By Hunter Ford
From the 1970s through the early 1990s, before the advent of the BCS system, the Sugar Bowl represented the pinnacle of success for SEC teams.
If you won the SEC championship with a good record, you had a shot to play a high-ranked team in the Sugar Bowl with a national championship on the line. Alabama did it in 1978, 1979 and 1992. Georgia did it in 1980. Auburn came tantalizingly close with an 11-1 record and Sugar Bowl victory in 1983.
The last time Alabama was in the Super Dome, the Tide rolled 21-0 over LSU in the BCS National Championship. But, the last time Alabama was in the Sugar Bowl game, it seemed like a bad door prize from a PTA meeting instead of a reward for a great season. Alabama played like it felt that way, and lost to Utah.
So, with an historic third BCS championship gone down the toilet, does the Sugar Bowl offer any relief for The Alabama Crimson Tide and its fans? I believe so.
The matchup with Oklahoma presents many opportunities. Utah, in 2008 was a quality team, but the Utes don’t have the same legacy as The Oklahoma Sooners. From this fan’s perspective, a victory over the Boomer Sooners will look mighty fine in the history books. Alabama and Oklahoma are two of the most prestigious names in football lore. It’s amazing that this will be only the fifth meeting between the two schools on the gridiron.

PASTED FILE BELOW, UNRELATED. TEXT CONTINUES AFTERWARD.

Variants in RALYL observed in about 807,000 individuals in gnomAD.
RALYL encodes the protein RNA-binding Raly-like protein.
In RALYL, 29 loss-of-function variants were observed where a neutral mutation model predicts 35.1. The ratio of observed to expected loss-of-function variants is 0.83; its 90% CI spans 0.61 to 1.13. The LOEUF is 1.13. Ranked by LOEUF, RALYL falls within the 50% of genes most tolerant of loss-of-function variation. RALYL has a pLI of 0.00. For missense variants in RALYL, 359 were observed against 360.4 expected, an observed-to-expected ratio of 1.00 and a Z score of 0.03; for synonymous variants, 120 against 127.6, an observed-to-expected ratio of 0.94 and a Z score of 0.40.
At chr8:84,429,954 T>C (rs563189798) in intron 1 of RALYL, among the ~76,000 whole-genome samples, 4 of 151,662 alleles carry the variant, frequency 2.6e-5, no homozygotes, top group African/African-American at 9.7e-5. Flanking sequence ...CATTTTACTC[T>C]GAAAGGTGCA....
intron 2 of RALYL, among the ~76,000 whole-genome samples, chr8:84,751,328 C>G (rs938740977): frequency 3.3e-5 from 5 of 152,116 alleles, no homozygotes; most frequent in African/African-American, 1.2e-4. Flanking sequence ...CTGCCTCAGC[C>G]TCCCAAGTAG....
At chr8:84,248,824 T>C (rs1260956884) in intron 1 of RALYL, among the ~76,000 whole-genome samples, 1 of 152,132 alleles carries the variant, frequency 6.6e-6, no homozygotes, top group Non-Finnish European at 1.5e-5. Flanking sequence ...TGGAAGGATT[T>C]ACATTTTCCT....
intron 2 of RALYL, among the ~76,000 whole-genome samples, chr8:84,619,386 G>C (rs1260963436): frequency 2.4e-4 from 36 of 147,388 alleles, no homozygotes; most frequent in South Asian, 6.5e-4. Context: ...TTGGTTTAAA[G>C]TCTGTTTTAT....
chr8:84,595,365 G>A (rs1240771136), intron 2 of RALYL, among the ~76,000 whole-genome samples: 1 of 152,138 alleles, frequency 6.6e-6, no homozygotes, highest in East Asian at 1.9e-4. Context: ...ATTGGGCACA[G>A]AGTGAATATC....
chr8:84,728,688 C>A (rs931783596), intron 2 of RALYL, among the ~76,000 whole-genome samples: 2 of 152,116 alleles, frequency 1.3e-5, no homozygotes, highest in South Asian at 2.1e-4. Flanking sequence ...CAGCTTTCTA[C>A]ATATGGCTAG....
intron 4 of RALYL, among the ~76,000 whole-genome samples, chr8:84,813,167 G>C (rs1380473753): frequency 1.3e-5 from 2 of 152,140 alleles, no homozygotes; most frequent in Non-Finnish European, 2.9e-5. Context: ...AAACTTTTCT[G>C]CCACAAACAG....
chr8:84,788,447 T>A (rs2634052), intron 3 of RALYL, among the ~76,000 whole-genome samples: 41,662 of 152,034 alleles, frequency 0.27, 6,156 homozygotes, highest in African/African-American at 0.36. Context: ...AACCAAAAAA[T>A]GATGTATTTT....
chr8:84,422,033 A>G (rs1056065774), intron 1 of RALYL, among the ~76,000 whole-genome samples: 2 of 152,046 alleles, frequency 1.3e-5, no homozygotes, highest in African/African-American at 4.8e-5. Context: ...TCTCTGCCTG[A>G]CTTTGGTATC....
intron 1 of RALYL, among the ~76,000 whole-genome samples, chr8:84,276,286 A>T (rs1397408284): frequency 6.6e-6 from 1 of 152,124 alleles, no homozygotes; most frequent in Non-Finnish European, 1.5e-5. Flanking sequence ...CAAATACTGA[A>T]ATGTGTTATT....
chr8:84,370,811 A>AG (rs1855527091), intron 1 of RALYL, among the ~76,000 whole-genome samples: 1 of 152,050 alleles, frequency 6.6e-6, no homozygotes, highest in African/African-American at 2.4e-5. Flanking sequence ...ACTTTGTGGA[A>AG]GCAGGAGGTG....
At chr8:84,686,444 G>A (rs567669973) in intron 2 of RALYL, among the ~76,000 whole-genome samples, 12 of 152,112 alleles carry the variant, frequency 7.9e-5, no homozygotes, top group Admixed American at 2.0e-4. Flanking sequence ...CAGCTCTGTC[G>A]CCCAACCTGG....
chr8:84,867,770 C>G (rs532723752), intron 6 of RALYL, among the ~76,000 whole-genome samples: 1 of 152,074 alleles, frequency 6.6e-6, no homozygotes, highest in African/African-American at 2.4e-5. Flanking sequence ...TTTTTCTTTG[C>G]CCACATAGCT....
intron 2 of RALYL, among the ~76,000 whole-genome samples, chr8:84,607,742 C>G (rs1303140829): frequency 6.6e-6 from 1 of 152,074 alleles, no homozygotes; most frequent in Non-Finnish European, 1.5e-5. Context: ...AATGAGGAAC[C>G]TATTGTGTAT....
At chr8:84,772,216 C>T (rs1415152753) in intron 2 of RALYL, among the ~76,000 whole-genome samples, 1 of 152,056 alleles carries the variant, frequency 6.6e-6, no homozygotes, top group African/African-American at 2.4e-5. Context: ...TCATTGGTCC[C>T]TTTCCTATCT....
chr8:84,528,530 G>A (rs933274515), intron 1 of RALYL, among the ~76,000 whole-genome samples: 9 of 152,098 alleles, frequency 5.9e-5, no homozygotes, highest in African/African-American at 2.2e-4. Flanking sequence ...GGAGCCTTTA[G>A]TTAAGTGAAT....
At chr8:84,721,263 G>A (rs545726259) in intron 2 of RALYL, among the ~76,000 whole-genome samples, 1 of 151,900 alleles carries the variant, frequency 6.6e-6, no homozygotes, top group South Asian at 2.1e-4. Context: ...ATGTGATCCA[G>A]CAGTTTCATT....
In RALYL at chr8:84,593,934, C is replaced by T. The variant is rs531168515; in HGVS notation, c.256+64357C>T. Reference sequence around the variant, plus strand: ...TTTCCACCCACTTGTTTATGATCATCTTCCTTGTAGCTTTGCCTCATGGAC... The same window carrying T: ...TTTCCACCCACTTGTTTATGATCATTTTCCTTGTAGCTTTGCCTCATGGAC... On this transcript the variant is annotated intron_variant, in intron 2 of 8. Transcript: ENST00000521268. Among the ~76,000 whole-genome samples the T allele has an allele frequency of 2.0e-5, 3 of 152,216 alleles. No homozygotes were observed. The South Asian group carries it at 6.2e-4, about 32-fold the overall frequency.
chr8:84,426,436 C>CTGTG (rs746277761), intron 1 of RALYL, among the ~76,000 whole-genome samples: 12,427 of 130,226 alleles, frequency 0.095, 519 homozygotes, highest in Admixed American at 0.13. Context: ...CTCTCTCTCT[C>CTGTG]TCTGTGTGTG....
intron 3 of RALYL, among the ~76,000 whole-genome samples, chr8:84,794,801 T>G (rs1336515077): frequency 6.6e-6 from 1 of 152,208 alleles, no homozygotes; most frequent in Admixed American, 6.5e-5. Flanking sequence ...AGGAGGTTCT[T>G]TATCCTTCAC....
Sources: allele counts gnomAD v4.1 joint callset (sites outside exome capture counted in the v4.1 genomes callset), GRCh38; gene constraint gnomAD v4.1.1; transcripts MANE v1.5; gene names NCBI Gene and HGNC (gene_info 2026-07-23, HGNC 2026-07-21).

Bob Stoops, the Sooners head coach, was Nick Saban before Nick Saban. He was once the hottest coach in America. Stoops went from being a dynamic University of Florida defensive coordinator, to being the savior of a moribund Oklahoma program.
Stoops took the Sooners to a bowl game in his first season (1999) and to a national championship in his second (2000). He has played for a BCS title three other times, losing to LSU (and Saban), Southern California and Florida. He has seven Big 12 championships in 15 seasons. He has won at least 10 games in 12 of those 15 seasons, including this one. He has a 2-0 record against Alabama.
A win over Oklahoma would put some interesting ranking possibilities into play. If Florida State beats Auburn, and Alabama wins, the Tide should be ranked ahead of Auburn in the final polls. If Auburn wins, and Alabama wins, the Tigers and Tide could end the season ranked one and two respectively. That would be as historic as the fact that either Alabama or Auburn has been in the BCS Championship for five years in a row.
I could even envision Alabama getting some first place AP votes if it looks impressive in the Sugar Bowl and the BCS Championship is a nail-biter.
Saban has said this week that bowl practices help to develop younger players. That is probably more important in the grand scheme, than a win or a loss. Alabama didn’t suffer long from the loss to Utah. The Tide went 14-0 the next season.
Three weeks later, I still have a bitter taste in my mouth from the Iron Bowl loss. I even went all Phyllis from Mulga on an Auburn buddy recently. A little Sugar would help me out a lot.